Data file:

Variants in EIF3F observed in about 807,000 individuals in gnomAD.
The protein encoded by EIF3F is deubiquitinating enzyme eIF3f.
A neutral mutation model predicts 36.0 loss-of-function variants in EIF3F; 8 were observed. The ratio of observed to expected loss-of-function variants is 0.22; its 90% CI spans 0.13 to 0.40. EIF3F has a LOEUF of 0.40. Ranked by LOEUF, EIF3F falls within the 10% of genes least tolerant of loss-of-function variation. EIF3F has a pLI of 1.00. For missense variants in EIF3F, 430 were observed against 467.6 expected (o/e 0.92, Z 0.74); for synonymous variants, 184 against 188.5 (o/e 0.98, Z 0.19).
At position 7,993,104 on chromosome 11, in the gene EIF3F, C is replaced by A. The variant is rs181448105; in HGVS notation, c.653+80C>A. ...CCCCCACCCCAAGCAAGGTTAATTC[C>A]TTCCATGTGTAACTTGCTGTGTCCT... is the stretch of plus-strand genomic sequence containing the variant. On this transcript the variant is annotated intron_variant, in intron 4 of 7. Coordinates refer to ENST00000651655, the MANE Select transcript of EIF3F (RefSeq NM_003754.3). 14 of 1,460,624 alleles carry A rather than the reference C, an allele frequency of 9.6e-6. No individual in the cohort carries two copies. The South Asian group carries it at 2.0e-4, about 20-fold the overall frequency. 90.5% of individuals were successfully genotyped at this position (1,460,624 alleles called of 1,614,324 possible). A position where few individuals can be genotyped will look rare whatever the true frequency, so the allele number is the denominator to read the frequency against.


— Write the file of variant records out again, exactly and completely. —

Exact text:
Variants in EIF3F observed in about 807,000 individuals in gnomAD.
The protein encoded by EIF3F is deubiquitinating enzyme eIF3f.
A neutral mutation model predicts 36.0 loss-of-function variants in EIF3F; 8 were observed. The ratio of observed to expected loss-of-function variants is 0.22; its 90% CI spans 0.13 to 0.40. EIF3F has a LOEUF of 0.40. Ranked by LOEUF, EIF3F falls within the 10% of genes least tolerant of loss-of-function variation. EIF3F has a pLI of 1.00. For missense variants in EIF3F, 430 were observed against 467.6 expected (o/e 0.92, Z 0.74); for synonymous variants, 184 against 188.5 (o/e 0.98, Z 0.19).
At position 7,993,104 on chromosome 11, in the gene EIF3F, C is replaced by A. The variant is rs181448105; in HGVS notation, c.653+80C>A. ...CCCCCACCCCAAGCAAGGTTAATTC[C>A]TTCCATGTGTAACTTGCTGTGTCCT... is the stretch of plus-strand genomic sequence containing the variant. On this transcript the variant is annotated intron_variant, in intron 4 of 7. Coordinates refer to ENST00000651655, the MANE Select transcript of EIF3F (RefSeq NM_003754.3). 14 of 1,460,624 alleles carry A rather than the reference C, an allele frequency of 9.6e-6. No individual in the cohort carries two copies. The South Asian group carries it at 2.0e-4, about 20-fold the overall frequency. 90.5% of individuals were successfully genotyped at this position (1,460,624 alleles called of 1,614,324 possible). A position where few individuals can be genotyped will look rare whatever the true frequency, so the allele number is the denominator to read the frequency against.